The other three boys caught in the explosion were maimed for the rest of their lives. Miguelín, Chuito's brother, suffered permanent injuries in one of his arms. Several bomb fragments were lodged inside Frank's body, causing pain and discomfort throughout his adult life. Campeche was paralyzed for many months and had difficulty walking many years after the bomb smashed his legs.
Although Chuito's death moved the people in Vieques, his story did not receive much attention from the news media in Puerto Rico. Political repression was widespread in those days and many were going to jail for openly criticizing the United States dominion over Puerto Rico. For example, Puerto Rico's National Poet, Francisco Matos Paoli was imprisoned in 1951 solely because he uttered "four subversive speeches".
Due to this atmosphere of political persecution, the people of Puerto Rico were not fully aware of the large number of casualties caused by the Navy in Vieques. A careful review of the history of Vieques shows that Chuito's death was not an isolated incident and that many similar tragedies have gone unreported.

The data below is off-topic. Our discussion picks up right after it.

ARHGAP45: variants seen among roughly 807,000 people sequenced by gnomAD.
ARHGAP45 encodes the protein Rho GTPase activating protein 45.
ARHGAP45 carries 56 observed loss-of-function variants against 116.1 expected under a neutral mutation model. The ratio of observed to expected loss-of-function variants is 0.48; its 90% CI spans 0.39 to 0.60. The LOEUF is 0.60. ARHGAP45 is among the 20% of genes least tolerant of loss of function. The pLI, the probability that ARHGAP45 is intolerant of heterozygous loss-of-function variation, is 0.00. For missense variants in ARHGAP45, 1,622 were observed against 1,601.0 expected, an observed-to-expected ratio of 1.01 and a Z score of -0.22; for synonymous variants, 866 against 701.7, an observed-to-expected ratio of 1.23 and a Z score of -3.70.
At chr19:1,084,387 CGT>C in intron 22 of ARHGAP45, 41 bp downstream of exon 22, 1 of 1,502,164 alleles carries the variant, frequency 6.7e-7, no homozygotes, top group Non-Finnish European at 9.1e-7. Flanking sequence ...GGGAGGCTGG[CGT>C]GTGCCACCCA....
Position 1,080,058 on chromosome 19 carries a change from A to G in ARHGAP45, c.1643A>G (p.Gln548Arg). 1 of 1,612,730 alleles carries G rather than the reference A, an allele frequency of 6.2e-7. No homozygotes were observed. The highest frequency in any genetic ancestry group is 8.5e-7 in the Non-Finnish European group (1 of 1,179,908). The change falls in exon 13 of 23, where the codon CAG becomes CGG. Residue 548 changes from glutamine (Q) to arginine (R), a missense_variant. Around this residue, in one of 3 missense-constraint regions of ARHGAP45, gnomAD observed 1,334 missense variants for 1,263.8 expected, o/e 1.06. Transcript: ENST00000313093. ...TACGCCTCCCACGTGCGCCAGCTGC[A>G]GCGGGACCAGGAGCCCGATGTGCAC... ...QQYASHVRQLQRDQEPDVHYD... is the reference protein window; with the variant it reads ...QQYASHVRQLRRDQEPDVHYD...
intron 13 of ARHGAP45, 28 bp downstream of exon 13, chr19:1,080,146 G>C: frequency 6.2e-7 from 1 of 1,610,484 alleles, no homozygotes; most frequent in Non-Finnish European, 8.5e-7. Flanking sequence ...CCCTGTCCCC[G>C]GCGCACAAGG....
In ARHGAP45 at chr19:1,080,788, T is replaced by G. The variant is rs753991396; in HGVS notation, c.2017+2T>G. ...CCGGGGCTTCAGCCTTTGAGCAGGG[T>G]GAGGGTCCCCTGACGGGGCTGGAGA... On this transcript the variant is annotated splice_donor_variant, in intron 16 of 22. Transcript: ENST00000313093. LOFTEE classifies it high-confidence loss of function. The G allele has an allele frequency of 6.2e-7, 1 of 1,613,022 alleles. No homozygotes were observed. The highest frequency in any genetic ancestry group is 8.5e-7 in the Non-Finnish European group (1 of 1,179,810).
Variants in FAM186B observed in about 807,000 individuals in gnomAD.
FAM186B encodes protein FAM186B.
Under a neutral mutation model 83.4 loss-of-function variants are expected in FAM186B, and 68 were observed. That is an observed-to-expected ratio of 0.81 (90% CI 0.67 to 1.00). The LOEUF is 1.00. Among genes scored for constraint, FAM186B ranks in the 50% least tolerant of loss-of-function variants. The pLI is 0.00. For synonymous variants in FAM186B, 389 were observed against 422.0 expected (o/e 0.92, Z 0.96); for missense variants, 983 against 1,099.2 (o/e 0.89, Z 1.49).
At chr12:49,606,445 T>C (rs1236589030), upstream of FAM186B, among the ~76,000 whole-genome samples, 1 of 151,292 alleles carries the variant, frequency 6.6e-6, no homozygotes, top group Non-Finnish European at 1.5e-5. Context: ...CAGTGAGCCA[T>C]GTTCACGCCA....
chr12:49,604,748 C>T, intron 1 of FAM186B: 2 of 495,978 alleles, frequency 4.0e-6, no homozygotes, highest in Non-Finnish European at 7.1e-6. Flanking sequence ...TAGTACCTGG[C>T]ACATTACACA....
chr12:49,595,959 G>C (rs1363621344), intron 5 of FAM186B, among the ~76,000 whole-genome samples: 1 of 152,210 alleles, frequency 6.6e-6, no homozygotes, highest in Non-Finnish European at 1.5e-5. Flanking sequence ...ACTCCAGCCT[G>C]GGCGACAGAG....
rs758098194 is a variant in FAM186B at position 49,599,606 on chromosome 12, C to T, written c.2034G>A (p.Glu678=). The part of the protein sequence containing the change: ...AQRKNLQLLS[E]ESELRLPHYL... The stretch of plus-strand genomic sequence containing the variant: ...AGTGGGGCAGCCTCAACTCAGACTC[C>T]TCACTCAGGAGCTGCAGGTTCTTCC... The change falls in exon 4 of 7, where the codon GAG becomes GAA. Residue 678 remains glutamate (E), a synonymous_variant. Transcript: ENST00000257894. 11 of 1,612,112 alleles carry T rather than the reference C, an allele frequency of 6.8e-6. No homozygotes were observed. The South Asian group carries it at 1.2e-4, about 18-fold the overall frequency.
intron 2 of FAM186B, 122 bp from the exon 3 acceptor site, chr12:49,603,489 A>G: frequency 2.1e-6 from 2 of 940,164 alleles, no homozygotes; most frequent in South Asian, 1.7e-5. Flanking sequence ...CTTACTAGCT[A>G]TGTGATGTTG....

In the early 1940's, Anastasio Acosta and his son Domingo were killed when the hoof of the horse that they were riding struck and detonated an explosive. In the 1960s, a stray bullet fired by a sailor during target practice killed Elena Holiday. In addition, hand grenades left over by military men have caused several accidents on the Island. In the early 1970's, a young girl lost several fingers when a group of children, who were playing on the beach, accidentally detonated a rusty hand grenade.
Similar accidents also occurred on the neighboring Puerto Rican Island of Culebra, where the Navy conducted military training until 1975. In 1940 a child died in Culebra from a grenade explosion. In another similar accident, Alberto Peña García, a fifteen-year-old child, died when a grenade exploded in his hands. Issac Espinosa lost an arm, also as a result of a grenade in 1914. In 1940, Vicente Romero lost an arm in a similar incident.
In 1964, Sixto Colón lost his right eye from the explosion of a weapon abandoned by the Navy. Moreover, a bomb that was mistakenly dropped at the observation point in Culebra killed nine Navy officers in April of 1946.